How to Approach Blogging if You are a Beginner?

From many points of view, starting a blog is no different than creating a new project for college or job. Everything lies in your style and way of doing things. You will learn on the fly. You will improve along the way. You will get better. You will succeed in the end.


The truth is that there are a bunch of how‐to guides about how to start a bog. However, most of them can make you feel overwhelmed by all the rules and the steps you should pay attention to. That’s why we need a more friendly way to talk about blogging for those who are barely scratching the surface.

After talking with a wide range of bloggers out there: from those who are using this channel to share stories around their passions until those who are making a living out of their websites, we discovered that there’s way too little dialogue around how to start a blog on your rhythm.


Therefore, we summed up a few aspects to keep in mind when kicking‐off the blogging journey. No matter the years you have, your academic background, or where you are based. You can make it work. Let’s walk you through this!

Blogging is, and it should, be about you

Frequently, people talk about how you should have a clear statement on your blog and stick to it. We encourage you to start the other way around. Write content that is meaningful and useful for you, stories that you find them insightful. This way you make sure you own what you publish because it’s part of your inner‐why and blogging should define your core values, whatever they are.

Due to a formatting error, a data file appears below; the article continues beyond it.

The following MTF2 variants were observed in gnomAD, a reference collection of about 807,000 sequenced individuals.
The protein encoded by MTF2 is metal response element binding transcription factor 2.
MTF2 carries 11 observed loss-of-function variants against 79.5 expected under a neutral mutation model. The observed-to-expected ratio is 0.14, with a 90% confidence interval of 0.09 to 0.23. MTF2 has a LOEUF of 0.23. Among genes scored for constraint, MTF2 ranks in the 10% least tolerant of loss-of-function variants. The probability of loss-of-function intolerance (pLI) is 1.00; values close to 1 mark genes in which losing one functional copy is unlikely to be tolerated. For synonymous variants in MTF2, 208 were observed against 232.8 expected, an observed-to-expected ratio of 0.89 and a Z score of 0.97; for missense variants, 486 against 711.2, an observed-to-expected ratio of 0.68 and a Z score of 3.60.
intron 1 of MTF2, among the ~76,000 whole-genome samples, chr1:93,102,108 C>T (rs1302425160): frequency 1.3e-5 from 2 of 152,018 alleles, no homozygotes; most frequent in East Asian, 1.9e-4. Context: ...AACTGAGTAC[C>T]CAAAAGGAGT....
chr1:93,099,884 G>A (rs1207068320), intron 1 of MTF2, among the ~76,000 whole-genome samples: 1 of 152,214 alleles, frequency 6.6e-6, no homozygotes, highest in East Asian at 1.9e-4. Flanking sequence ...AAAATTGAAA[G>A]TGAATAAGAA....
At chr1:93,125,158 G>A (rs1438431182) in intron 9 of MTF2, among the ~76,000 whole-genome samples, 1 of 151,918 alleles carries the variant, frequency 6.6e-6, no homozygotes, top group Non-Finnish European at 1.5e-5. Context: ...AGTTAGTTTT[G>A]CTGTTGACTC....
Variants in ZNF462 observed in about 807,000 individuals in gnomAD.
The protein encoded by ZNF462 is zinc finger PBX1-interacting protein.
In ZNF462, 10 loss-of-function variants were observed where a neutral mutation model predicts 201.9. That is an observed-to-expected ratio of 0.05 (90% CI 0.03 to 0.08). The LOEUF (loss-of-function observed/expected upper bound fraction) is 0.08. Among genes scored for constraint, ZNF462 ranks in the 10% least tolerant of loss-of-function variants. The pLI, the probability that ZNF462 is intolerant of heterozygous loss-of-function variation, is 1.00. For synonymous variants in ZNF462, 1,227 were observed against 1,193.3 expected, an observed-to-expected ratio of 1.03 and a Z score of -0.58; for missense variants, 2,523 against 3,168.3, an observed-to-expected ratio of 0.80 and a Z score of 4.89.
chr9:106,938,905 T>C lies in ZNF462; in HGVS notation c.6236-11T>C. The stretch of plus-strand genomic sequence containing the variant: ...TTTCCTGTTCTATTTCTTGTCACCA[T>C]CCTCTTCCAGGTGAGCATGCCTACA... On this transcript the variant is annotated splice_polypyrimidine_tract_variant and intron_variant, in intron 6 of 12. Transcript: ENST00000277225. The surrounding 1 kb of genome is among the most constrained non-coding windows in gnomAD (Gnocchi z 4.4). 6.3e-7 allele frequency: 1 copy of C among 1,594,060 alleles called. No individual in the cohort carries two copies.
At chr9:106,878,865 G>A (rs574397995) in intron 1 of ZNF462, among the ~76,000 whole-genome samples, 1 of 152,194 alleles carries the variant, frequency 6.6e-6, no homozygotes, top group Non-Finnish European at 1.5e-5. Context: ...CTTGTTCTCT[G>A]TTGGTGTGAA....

Don’t try to spend days and weeks on the perfect sentence that describes your blog. You have plenty of time to discover it and fine‐tune it along the way. Invest time and energy in writing pieces that say something about who you are.


Share your stories with the world

Be the first ambassador of your blog by telling your friends that you have a website and inviting them to be the first critiques of your digital stories. Go a step further and share your stories on the social media channels you use on a regular basis and encourage people to provide feedback.

Don’t try to keep the stories for yourself and draw conclusions of any kinds because they lack solid arguments such as validation from your potential readers. Jump in cold waters and make room for people to start a dialogue and offer suggestions. This way you will have a clue about which topics they find useful and which not.


Actively listen to your readers

There’s no better way to find what your audience expects from your then asking about its expectations. You can open a wide range of communication mediums to engage with your readers: from reading and responding to their comments, stalking them to find out what kind of content they consume, where do they spend their online time, until writing them e‐mails.

These type of conversations are no different than the ones you are already having in the non‐digital world. Take the time to listen to people, be gentle with them, thank them for their involvement, ask them what they love and hate about your blog and build from there.


Find a tribe who shares similar interests